Self-Deception and Cowardice in the Present Age
by John Douglas Mullen
In nineteenth century Denmark there existed a fellow named Soren Kierkegaard (pronounced Sihr-rehn Kihr-keh-gor according to an acquaintance of an acquaintance).
Kierkegaard’s Philosophy argues we should explore ourselves. This exploration must be done in seriousness and it should lead somewhere important. We should develop our will and stop being cowards, pursuing rigorous self-knowledge, even when doing so exposes things we do not want to see. We cannot escape philosophizing about the world and ourselves. And we must live with the problems and anxieties that arise during the search. Attempting to rid anxiety makes us easy prey for sharpies or likely to submit to a vile group. Anxiety sometimes serves as a warning to act in a new way, but sometimes as a false alarm.
Humans, Mullen points out, possess the ability to look at ourselves as if we were not ourselves, to simulate in our minds someone else’s view--a view from the future, a bird, an ant, or a view from nowhere. This self-transparency should not be used to spur apathy, self-flagellation or a detached, condescending worldview.
Mullen, and by connection Kierkegaard, claim we should carefully examine lifestyles. We must not float along. Tiresome, shallow, manipulative living wastes life for both the consumer and the purveyor. We should know how to get the hell out of the cave and willingly leave it far behind. We can live without many "necessities" we think we cannot.
Yet direct criticisms of ways of living overwhelmingly fail. Dismissing critics is old habit and self-reforms cause anxiety.
The author recommends we look at our commitments from an unattached viewpoint and consider other alternatives. Once we choose well we must commit unless future examination reaches a different conclusion. Mastered irony is a regular process of observing, reasoning and committing. If we are unwilling to honestly evaluate, we are fanatics. If we rarely commit--living a wishy-washy existence--we possess unmastered irony.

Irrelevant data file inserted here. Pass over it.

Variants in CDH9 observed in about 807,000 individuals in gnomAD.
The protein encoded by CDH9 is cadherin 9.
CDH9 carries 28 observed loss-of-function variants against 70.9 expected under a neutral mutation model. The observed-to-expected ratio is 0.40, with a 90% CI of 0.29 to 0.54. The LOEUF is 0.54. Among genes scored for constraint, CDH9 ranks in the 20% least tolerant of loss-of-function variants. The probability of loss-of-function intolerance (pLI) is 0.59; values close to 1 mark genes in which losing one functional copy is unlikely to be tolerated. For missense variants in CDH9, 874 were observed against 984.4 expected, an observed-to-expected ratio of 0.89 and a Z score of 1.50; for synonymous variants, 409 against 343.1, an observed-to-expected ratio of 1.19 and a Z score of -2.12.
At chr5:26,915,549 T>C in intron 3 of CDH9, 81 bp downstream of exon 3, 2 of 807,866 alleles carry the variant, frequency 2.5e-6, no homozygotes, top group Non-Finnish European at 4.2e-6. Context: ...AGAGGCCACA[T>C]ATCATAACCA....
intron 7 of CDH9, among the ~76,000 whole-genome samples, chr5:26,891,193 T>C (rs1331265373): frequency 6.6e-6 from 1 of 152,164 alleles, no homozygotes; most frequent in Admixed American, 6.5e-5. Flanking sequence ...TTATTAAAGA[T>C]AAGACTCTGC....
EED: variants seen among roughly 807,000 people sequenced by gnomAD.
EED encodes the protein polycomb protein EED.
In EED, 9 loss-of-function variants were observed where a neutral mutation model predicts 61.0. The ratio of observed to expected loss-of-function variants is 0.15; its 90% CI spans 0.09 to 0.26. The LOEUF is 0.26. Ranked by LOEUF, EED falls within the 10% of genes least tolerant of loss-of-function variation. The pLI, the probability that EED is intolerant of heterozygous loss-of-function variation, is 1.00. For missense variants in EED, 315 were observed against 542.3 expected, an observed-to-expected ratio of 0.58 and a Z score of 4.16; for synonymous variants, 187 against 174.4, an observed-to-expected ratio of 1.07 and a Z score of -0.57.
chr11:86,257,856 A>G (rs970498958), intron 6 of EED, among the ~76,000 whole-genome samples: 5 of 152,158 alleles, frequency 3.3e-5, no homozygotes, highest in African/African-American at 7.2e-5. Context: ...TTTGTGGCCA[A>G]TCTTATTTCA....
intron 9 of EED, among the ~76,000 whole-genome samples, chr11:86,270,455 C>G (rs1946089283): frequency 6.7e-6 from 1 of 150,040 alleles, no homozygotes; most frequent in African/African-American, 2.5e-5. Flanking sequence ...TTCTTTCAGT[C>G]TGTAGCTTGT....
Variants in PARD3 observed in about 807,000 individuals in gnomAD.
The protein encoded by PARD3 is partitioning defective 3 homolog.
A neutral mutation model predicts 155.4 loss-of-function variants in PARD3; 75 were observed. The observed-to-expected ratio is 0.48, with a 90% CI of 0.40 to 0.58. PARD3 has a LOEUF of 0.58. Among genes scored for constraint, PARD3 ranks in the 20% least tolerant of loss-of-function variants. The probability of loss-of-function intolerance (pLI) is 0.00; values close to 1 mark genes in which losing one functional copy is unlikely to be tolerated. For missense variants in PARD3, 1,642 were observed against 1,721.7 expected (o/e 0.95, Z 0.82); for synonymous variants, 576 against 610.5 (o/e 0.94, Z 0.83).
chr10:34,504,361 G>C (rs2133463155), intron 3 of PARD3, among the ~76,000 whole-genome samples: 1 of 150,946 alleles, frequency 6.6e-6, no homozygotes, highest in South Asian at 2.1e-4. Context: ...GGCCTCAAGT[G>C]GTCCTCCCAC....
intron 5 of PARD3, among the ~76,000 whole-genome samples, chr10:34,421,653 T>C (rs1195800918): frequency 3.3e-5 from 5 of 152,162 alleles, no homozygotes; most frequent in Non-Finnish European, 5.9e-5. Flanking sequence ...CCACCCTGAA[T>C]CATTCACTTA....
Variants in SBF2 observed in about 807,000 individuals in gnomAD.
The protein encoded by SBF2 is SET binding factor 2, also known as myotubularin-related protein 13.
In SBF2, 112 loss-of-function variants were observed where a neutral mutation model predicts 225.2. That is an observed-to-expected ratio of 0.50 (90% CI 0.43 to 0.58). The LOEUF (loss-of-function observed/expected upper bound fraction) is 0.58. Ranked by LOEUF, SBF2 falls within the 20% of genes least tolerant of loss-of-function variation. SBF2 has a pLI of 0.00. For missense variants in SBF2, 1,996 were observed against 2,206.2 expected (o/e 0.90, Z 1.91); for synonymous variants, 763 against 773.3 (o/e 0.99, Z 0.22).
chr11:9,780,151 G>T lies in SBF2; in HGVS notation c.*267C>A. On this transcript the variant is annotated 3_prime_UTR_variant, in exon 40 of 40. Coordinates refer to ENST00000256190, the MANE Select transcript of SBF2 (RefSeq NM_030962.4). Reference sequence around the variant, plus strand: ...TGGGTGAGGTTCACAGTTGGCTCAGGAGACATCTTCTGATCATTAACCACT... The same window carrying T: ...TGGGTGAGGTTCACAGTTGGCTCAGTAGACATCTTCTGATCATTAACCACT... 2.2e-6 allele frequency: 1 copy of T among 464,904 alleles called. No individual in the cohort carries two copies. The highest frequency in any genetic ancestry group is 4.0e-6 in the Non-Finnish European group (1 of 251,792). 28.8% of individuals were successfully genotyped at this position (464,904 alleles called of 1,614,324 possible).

Human selves, Mullen writes, consist of conflicting tendencies (relatedness and independence, for example). Properly directing these tendencies presents an enormous task. No one can give us all the answers, and no one can give us absolute answers. No one else should do the work we must do. Cowards, among others, give up efforts to relate these tendencies.
Choosing completely harmonious compromises (lobotomy, for example) gives up a human life. A life without problems to attack is empty. We are beings who act and beings who must analyze acts. We should neither throw ourselves into ill-reasoned commitments nor waste our lives in constant analysis.
Holding conflicting tendencies together requires will. Human will and consciousness, Mullen notes, are not natural entities. They emerged from the sum of our parts, similar to how individual atoms of oxygen and hydrogen do not possess wetness. Reductionistic attempts to leave morality and consciousness to scientific explanations ruin humans.
Important conflicting tendencies—existential paradoxes—we must deal with include: (1) Who we are; (2) who we think we are; (3) who we could possibly become; (4) who we think we should become; (5) who we should become.
Being preoccupied only with future possibilities is a fantasy life. Living according to “we are what we are” gives up legitimate alternatives and who we should become. “To be blasé about [existential paradoxes] is a disaster. Life’s great tragedies are those misguided souls who cared, imagined, or willed too little, too much, too wrongly—often as they flounder in the absence of precise rules.”
Anxiety, freedom and full humanity go together. Eliminating anxiety eliminates freedom and full humanity. The price of no anxiety is too high.